The improvement must be a comprehensive approach that includes diversity training, police reform, as well as community involvement. Diversity training has to help law enforcement to apply empathy and to see through the eyes of minorities. This approach will help them be more sensitive to the way they handle minorities. They may not be aware of the previous negative experiences minorities have endured. The training must examine stereotypes and cultural assumptions held by the community and by the law enforcement professionals who serve the community. It must seek to understand cultural differences, to increase awareness of attitudes and behaviors, and to appreciate the commonalities that exist amongst the community and law enforcement. Lastly, it must create a situation that will reinforce the concept of team building and transform knowledge gained into usable skills for serving a diverse community.

Police reform can be achieved by retraining officers the correct way to use force, the proper way to deescalate potentially dangerous situations, and the appropriate use of body cameras. Officers should understand their individual police forces policy regarding the use of force and have a clear understanding of which situations are appropriate for the use force. As well as the appropriate policy for using their body cameras and that the inappropriate use of the body cameras can lead to immediate termination. A camera can protect both the officer and the person or persons being apprehended. Following routine procedure in a respectful uniform approach to all people will help standardize the treatment all Americans should receive during routine stops. Having community meetings, and neighborhood events can bridge the gaps between citizens and law enforcement through these platforms they will be able to establish mutually trusting relationships. Organized community precincts where officers live and work in their neighborhoods further facilitates relationships. Research suggest people are more comfortable with people they know versus a stranger and law enforcement is no different. Additionally, the public including minorities should be aware of routine police protocol therefore improving their knowledge and expectations of what unbiased law enforcement should look like. These are all steps to provide transparency to the community and to reestablish trusting relationships between law enforcement and the communities they serve.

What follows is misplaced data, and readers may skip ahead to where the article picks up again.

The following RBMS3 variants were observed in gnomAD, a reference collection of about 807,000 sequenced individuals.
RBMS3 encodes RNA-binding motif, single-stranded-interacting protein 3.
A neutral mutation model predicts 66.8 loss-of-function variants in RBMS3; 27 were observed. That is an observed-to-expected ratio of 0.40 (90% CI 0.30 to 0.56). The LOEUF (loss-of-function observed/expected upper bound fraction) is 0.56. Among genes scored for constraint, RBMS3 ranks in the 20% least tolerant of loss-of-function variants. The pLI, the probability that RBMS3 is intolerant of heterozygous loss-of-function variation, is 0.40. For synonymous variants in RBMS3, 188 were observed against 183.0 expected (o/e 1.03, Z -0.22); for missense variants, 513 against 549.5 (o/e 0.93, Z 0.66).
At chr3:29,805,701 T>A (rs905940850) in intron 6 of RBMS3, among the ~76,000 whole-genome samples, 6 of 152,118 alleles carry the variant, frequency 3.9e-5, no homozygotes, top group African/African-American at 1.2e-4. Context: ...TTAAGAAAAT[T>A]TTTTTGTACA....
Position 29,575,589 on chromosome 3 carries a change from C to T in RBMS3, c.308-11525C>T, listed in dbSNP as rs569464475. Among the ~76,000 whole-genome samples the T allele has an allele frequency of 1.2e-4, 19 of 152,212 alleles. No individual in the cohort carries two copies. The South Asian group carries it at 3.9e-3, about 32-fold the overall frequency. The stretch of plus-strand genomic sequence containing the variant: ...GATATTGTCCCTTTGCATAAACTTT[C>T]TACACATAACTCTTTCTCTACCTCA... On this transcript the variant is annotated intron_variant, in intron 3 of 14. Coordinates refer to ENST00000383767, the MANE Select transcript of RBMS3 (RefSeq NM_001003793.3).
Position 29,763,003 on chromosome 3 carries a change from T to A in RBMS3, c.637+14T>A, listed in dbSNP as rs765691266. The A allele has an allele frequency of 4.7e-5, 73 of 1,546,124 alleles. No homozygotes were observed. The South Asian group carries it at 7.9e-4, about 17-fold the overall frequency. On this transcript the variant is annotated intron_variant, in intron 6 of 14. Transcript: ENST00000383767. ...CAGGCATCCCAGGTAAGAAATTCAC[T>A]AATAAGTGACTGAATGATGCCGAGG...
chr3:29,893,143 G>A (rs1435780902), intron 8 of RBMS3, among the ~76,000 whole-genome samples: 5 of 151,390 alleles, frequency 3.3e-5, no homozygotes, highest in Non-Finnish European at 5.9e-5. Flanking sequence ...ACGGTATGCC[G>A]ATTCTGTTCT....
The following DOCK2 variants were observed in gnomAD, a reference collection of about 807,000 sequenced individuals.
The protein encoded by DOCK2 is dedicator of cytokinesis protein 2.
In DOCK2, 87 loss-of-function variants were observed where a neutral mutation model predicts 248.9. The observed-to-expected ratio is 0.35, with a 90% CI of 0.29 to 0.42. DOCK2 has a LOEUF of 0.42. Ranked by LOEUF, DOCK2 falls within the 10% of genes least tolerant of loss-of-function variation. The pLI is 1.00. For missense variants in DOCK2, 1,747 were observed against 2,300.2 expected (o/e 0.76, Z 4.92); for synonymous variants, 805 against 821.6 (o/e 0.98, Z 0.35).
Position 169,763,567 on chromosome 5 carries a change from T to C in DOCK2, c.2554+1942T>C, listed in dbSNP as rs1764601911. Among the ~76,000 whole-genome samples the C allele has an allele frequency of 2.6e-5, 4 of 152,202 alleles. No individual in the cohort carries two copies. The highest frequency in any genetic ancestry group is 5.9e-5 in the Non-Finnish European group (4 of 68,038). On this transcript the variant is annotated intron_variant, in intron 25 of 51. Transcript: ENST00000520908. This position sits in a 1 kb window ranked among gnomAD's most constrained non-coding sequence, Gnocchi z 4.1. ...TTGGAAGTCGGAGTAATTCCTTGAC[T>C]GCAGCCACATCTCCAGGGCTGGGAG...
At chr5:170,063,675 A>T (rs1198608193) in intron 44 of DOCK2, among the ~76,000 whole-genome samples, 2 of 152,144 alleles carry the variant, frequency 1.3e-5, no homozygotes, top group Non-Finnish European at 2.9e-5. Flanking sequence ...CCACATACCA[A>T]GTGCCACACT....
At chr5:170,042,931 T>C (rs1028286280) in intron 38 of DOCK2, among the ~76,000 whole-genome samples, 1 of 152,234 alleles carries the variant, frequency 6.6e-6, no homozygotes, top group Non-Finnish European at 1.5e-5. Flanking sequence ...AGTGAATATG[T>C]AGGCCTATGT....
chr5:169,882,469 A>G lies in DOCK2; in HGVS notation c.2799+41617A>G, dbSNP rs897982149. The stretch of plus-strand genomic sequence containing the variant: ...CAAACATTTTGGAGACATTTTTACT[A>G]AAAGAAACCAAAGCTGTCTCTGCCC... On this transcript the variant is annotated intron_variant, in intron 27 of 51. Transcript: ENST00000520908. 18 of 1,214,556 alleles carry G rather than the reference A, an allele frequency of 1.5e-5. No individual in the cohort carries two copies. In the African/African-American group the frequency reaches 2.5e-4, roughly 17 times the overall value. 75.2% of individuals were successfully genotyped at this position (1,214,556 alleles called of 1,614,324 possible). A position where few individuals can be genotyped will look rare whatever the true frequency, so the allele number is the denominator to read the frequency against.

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Law Enforcement and Relationship with Americans. (2021, Apr 21). Retrieved from https://papersowl.com/examples/law-enforcement-and-relationship-with-americans/